Saturday, March 18, 2006

FWC and UCC: Fidelity and Covenant

All of this week’s postings focus on issues related to my denomination, the United Church of Christ (UCC) and my involvement with Faithful & Welcoming Churches (FWC)—a renewal movement within the UCC. Our church hosts a regional FWC meeting on March 15. In today’s post, I discuss the second concern raised by our Kansas-Oklahoma Conference minister—Rev. David Hansen—in his March 7thMonday Musing.” The first concern is discussed in an earlier post below.

Rev. Hansen illustrates his second concern about FWC with an imaginary scenario of a controlling, manipulative husband who tells his wife that if she doesn’t meet his needs, he might have to look outside the marriage relationship. Rev. Hansen’s presumed point to FWC is that if a local UCC church is dissatisfied with the administrative process of the Parish Life and Leadership Ministry or—more importantly—dissatisfied with the clergy profiles received through that ministry, that local church should continue to remain “faithful” to the UCC’s established pathway of clergy search and call.

In particular, Rev. Hansen might have been concerned that FWC was providing a link on its website to clergy search resources of the Evangelical Association (EA) and thus encouraging local churches to search and call “unfaithfulness.”

FWC is committed to encouraging disaffected UCC churches to stay in the denomination and not leave. Providing a link to the EA—a group that includes churches that have left the UCC—raised a legitimate point about FWC’s commitment to the UCC. This explains why FWC President Rev. Bob Thompson—in response to Rev. Hansen’s observation—ordered the link removed.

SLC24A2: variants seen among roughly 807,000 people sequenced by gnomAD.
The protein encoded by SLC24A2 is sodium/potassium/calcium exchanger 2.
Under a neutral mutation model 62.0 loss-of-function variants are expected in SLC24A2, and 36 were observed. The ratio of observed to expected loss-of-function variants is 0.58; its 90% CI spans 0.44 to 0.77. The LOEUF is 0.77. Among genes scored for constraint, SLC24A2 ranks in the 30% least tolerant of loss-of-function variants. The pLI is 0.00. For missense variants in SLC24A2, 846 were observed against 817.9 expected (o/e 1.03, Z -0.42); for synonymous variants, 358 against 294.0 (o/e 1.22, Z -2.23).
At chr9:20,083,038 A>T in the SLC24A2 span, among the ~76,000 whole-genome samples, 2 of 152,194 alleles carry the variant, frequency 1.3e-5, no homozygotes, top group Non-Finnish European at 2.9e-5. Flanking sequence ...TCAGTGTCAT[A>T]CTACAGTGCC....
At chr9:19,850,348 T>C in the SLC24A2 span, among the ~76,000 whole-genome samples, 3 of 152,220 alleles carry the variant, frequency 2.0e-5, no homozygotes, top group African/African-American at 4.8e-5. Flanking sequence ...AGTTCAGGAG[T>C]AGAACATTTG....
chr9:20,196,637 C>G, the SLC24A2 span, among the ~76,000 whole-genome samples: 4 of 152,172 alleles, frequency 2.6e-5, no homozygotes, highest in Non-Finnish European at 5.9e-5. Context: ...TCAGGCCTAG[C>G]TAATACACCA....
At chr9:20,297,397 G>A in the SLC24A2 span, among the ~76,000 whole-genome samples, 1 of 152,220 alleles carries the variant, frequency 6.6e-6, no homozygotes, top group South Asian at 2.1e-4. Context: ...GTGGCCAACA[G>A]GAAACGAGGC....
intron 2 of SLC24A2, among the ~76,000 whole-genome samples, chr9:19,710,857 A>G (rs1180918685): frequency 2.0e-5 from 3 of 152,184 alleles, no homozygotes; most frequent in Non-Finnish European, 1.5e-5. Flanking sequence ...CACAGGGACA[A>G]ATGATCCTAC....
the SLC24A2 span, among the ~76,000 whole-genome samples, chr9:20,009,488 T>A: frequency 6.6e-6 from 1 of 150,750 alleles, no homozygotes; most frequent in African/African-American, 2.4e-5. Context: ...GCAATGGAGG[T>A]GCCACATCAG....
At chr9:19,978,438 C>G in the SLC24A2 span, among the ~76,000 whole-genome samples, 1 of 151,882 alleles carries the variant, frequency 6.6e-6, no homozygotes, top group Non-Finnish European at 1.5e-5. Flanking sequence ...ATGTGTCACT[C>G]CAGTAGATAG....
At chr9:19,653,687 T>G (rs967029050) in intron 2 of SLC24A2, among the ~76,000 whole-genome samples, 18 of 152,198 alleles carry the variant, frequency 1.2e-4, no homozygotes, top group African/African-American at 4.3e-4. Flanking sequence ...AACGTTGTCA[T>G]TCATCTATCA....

UCC President John Thomas gives further support to Rev. Hansen’s concern about local churches going outside the denomination’s established process. In Rev. Thomas’ March 7th speech (see the post below on how to obtain a copy), he complains that the Biblical Witness Fellowship, “provides an alternative placement service for so-called ‘orthodox’ pastors and churches that refuse to use the denomination’s search and call process, thereby setting themselves outside the processes of oversight in the denomination.”

But in contrast to Rev. Hansen’s and Rev. Thomas’ stated opinions, our UCC Constitution—in Article V, paragraph 18—explicitly permits local churches the usage of any means in its search for a minister:

“Nothing in this Constitution and the Bylaws of the United Church of Christ shall destroy or limit the right of each Local Church…nor shall be construed as giving to the General Synod, or to any Conference or Association now, or at any future time, the power to abridge or impair the autonomy of any Local Church in the management of its own affairs, which affairs include, but are not limited to…call or dismiss its pastor or pastors by such procedure as it shall determine…”

FWC does not—despite the assertion of “Monday Musing”—have its own system of clergy call and placement. But in keeping with our UCC Constitution, it is well within the rights of any UCC local church to utilize the established UCC process or whatever resources it wishes in its search for ministers.

Fidelity is obviously important. Let’s all remember the rules of the covenant.

No comments: